He signed on two labels simultaneously, as himself and the band, to outwit industry thievery. (Cue Parliament-Funkadelic, and The Artist Formerly Known As Prince.) He moved toward owning his own publishing and label. (Cue The Buzzcocks and indie rock.) And he was first to be out and proud about needing glasses. (Cue geek chic.)

Ed Sullivan and Buddy Holly, 1957

And, most sadly, he was the first major rocker to die, and to be exploited by the record industry (stripmined and over-overdubbed).

But the loss of Buddy Holly isn't really "the day the music died". Buddy's acts and wax opened up the future for singer/songwriters, quartet combos, studio wizards, Strato-blasters, indie upstarts, and geek empowerment for decades to come.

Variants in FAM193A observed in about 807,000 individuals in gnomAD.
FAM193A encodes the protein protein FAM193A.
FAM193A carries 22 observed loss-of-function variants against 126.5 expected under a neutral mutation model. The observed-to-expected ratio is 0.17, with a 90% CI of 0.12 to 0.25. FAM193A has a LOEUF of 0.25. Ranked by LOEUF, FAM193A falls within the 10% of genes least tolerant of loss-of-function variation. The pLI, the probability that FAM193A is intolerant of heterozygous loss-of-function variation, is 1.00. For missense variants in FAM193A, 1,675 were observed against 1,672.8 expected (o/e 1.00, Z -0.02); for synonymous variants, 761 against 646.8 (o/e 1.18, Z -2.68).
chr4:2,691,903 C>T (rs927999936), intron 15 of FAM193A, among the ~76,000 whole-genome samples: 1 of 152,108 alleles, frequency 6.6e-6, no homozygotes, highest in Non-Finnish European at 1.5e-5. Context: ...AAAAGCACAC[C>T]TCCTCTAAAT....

Buddy Holly was honest passion, and he gave us a love that will not fade away.

Part 2: Not Fade Away: The Disciples of Buddy Holly

Spotify playlist title=
BUDDY HOLLY: Disciples

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All songs in order from the 1950s to today.

Buddy Holly discovered Waylon Jennings and opened the door for more Texas rockers like ZZ Top, Joe Ely, the Vaughan brothers, and Mars Volta. He may have done as much to popularize the Bo Diddley beat as even Bo Diddley!

The Crickets' 45rpm; The Bobby Fuller Four; The Clash; Dead Kennedys

The punk standard "I Fought The Law" exists because of him. Sonny Curtis, a rotating member of The Crickets, was a crack songwriter; when the band continued after Buddy's death, they recorded Curtis' "I Fought The Law" in Buddy's style in 1960. (Curtis also wrote "Walk Right Back", "More Than I Can Say", and the Mary Tyler Moore theme, "Love Is All Around".) The song hit huge when covered by Buddy acolytes The Bobby Fuller Four in 1965, becoming a Garage standard. In the late '70s, The Clash and Dead Kennedys turned it into a punk broadside for the ages.